3 cryptocurrencies to avoid like the plague in November
If you think the stock market has performed poorly over the past year, take a closer look at the cryptocurrency space. Since peaking at an aggregate valuation of around $3 trillion in the second week of November 2021, the total value of more than 21,600 digital currencies has fallen to less than $1 trillion, according to CoinMarketCap.com.
Although much of this value destruction can be attributed to Bitcoin and Ethereumwhich together account for nearly 57% of the total market capitalization of all cryptocurrencies, the real blame arguably lies with a host of other digital currency projects that have fallen short of expectations.
Although cryptocurrencies are still relatively young and constantly evolving, some projects and attachments are clearly bad news. The following are three popular cryptocurrencies to avoid like the plague in November.
The first high-level digital currency to keep your distance with in November is the Shiba Inu-inspired meme token Dogecoin (DOGE -2.83%). DOGE tokens are up over 100% since it became apparent that You’re here (TSLA -3.64%) CEO Elon Musk is reportedly closing his $44 billion deal to acquire social media site Twitter.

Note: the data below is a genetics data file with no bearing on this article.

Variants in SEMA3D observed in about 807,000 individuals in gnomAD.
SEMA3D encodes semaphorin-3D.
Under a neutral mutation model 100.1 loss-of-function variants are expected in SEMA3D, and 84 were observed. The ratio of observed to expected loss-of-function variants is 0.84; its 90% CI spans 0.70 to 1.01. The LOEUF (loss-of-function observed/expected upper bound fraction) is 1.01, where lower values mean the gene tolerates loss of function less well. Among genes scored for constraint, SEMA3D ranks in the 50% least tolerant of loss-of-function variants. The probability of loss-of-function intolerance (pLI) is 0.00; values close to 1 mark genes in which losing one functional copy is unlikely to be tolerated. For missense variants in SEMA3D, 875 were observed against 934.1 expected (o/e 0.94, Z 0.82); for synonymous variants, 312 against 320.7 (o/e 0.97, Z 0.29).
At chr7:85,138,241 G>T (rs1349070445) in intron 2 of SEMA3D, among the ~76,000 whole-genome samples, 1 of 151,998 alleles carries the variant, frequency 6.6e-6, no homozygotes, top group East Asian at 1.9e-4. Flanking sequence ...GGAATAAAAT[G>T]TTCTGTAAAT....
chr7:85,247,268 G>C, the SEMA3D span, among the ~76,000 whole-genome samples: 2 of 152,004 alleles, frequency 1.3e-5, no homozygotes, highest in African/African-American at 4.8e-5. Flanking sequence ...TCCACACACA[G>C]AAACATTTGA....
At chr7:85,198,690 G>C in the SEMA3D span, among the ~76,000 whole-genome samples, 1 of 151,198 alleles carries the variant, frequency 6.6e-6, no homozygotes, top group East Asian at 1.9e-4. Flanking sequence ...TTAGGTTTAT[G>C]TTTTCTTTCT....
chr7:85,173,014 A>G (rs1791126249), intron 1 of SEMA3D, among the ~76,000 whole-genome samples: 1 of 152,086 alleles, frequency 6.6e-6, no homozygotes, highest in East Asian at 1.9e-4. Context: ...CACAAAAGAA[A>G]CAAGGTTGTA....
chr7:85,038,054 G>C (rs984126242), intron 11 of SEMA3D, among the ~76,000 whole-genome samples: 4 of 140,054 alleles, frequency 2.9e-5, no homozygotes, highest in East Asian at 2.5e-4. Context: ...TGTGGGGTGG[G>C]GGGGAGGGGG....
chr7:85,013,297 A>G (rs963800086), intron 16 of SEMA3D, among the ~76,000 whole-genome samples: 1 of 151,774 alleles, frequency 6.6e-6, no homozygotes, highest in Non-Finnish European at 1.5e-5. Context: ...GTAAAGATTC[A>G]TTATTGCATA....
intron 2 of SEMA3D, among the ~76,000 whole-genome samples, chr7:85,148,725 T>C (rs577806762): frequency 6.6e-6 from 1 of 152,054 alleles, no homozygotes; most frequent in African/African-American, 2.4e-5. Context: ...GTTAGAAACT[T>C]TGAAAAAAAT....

The reason DOGE holders are excited about this deal is that Musk has long been a fan of Dogecoin and has tweeted memes suggesting the token could “go to the moon.” Musk has previously appeared on Saturday Night Live as “Dogefather,” tweeted that he would work with developers to improve Dogecoin, and it is one of three cryptocurrencies the Tesla boss said he has in his wallet. Tesla even accepts DOGE as payment for certain goods.
But despite these fanciful catalysts, there’s nothing tangible in Dogecoin’s sails that can remotely justify its nearly $18 billion market capitalization.
The biggest problem for Dogecoin is that it is ultimately just a payment coin. There is nothing particularly special about its underlying blockchain technology that would make it stand out in a veritable sea of digital currencies that can be used as payment.